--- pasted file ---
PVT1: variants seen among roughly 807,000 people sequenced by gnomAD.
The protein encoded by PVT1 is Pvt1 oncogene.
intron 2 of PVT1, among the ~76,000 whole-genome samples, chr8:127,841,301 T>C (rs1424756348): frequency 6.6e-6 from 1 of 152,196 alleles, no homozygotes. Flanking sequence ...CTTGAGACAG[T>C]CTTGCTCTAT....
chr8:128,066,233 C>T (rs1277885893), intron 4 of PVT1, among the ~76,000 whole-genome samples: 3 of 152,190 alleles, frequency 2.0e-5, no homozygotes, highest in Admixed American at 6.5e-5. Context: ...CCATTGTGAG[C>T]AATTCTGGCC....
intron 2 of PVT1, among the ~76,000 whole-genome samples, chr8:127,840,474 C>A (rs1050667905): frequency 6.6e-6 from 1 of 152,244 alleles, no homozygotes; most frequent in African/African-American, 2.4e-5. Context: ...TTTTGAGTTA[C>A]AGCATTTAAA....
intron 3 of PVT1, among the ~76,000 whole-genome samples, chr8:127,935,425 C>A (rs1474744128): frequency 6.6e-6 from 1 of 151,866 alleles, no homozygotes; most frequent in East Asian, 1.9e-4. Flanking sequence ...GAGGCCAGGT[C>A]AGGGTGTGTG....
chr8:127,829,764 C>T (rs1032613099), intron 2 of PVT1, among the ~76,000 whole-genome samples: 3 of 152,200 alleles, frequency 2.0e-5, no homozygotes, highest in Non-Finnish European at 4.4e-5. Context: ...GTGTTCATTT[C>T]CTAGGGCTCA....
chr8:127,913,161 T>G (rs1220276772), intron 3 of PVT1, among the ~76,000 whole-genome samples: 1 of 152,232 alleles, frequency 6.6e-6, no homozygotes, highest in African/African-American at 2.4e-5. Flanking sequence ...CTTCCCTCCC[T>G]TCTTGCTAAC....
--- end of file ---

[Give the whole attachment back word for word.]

PVT1: variants seen among roughly 807,000 people sequenced by gnomAD.
The protein encoded by PVT1 is Pvt1 oncogene.
intron 2 of PVT1, among the ~76,000 whole-genome samples, chr8:127,841,301 T>C (rs1424756348): frequency 6.6e-6 from 1 of 152,196 alleles, no homozygotes. Flanking sequence ...CTTGAGACAG[T>C]CTTGCTCTAT....
chr8:128,066,233 C>T (rs1277885893), intron 4 of PVT1, among the ~76,000 whole-genome samples: 3 of 152,190 alleles, frequency 2.0e-5, no homozygotes, highest in Admixed American at 6.5e-5. Context: ...CCATTGTGAG[C>T]AATTCTGGCC....
intron 2 of PVT1, among the ~76,000 whole-genome samples, chr8:127,840,474 C>A (rs1050667905): frequency 6.6e-6 from 1 of 152,244 alleles, no homozygotes; most frequent in African/African-American, 2.4e-5. Context: ...TTTTGAGTTA[C>A]AGCATTTAAA....
intron 3 of PVT1, among the ~76,000 whole-genome samples, chr8:127,935,425 C>A (rs1474744128): frequency 6.6e-6 from 1 of 151,866 alleles, no homozygotes; most frequent in East Asian, 1.9e-4. Flanking sequence ...GAGGCCAGGT[C>A]AGGGTGTGTG....
chr8:127,829,764 C>T (rs1032613099), intron 2 of PVT1, among the ~76,000 whole-genome samples: 3 of 152,200 alleles, frequency 2.0e-5, no homozygotes, highest in Non-Finnish European at 4.4e-5. Context: ...GTGTTCATTT[C>T]CTAGGGCTCA....
chr8:127,913,161 T>G (rs1220276772), intron 3 of PVT1, among the ~76,000 whole-genome samples: 1 of 152,232 alleles, frequency 6.6e-6, no homozygotes, highest in African/African-American at 2.4e-5. Flanking sequence ...CTTCCCTCCC[T>G]TCTTGCTAAC....